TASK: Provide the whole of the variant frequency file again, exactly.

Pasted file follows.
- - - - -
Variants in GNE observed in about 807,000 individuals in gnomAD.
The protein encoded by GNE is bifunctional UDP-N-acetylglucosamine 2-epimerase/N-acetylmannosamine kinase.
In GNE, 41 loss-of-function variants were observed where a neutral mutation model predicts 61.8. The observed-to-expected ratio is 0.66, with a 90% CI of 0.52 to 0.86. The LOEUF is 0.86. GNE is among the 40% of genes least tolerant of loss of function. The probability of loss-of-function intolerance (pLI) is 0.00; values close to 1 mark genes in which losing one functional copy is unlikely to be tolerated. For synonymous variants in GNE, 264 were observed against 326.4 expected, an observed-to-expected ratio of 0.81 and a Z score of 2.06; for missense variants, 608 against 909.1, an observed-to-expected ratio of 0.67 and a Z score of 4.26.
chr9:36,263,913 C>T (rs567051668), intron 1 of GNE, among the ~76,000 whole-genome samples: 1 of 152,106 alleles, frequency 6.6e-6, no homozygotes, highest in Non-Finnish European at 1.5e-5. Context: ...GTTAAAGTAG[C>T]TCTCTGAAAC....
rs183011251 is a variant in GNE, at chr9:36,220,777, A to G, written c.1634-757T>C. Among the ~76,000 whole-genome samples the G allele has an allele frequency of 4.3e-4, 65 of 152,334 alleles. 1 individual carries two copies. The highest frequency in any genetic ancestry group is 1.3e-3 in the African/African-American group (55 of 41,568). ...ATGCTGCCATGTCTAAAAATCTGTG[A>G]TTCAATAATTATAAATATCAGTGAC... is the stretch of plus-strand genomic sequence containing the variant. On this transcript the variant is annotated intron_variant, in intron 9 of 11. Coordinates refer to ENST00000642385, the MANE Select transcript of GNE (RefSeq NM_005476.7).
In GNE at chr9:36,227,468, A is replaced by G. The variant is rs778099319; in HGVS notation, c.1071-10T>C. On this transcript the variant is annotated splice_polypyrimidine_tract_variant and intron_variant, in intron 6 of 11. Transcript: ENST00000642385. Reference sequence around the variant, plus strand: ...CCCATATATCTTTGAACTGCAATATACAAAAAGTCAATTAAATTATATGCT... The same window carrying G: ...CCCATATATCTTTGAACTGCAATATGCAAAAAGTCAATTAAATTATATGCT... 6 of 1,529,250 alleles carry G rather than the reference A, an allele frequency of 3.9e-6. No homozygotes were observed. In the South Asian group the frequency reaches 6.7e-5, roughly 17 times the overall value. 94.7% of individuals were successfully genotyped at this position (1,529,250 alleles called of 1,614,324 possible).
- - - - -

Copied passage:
Variants in GNE observed in about 807,000 individuals in gnomAD.
The protein encoded by GNE is bifunctional UDP-N-acetylglucosamine 2-epimerase/N-acetylmannosamine kinase.
In GNE, 41 loss-of-function variants were observed where a neutral mutation model predicts 61.8. The observed-to-expected ratio is 0.66, with a 90% CI of 0.52 to 0.86. The LOEUF is 0.86. GNE is among the 40% of genes least tolerant of loss of function. The probability of loss-of-function intolerance (pLI) is 0.00; values close to 1 mark genes in which losing one functional copy is unlikely to be tolerated. For synonymous variants in GNE, 264 were observed against 326.4 expected, an observed-to-expected ratio of 0.81 and a Z score of 2.06; for missense variants, 608 against 909.1, an observed-to-expected ratio of 0.67 and a Z score of 4.26.
chr9:36,263,913 C>T (rs567051668), intron 1 of GNE, among the ~76,000 whole-genome samples: 1 of 152,106 alleles, frequency 6.6e-6, no homozygotes, highest in Non-Finnish European at 1.5e-5. Context: ...GTTAAAGTAG[C>T]TCTCTGAAAC....
rs183011251 is a variant in GNE, at chr9:36,220,777, A to G, written c.1634-757T>C. Among the ~76,000 whole-genome samples the G allele has an allele frequency of 4.3e-4, 65 of 152,334 alleles. 1 individual carries two copies. The highest frequency in any genetic ancestry group is 1.3e-3 in the African/African-American group (55 of 41,568). ...ATGCTGCCATGTCTAAAAATCTGTG[A>G]TTCAATAATTATAAATATCAGTGAC... is the stretch of plus-strand genomic sequence containing the variant. On this transcript the variant is annotated intron_variant, in intron 9 of 11. Coordinates refer to ENST00000642385, the MANE Select transcript of GNE (RefSeq NM_005476.7).
In GNE at chr9:36,227,468, A is replaced by G. The variant is rs778099319; in HGVS notation, c.1071-10T>C. On this transcript the variant is annotated splice_polypyrimidine_tract_variant and intron_variant, in intron 6 of 11. Transcript: ENST00000642385. Reference sequence around the variant, plus strand: ...CCCATATATCTTTGAACTGCAATATACAAAAAGTCAATTAAATTATATGCT... The same window carrying G: ...CCCATATATCTTTGAACTGCAATATGCAAAAAGTCAATTAAATTATATGCT... 6 of 1,529,250 alleles carry G rather than the reference A, an allele frequency of 3.9e-6. No homozygotes were observed. In the South Asian group the frequency reaches 6.7e-5, roughly 17 times the overall value. 94.7% of individuals were successfully genotyped at this position (1,529,250 alleles called of 1,614,324 possible).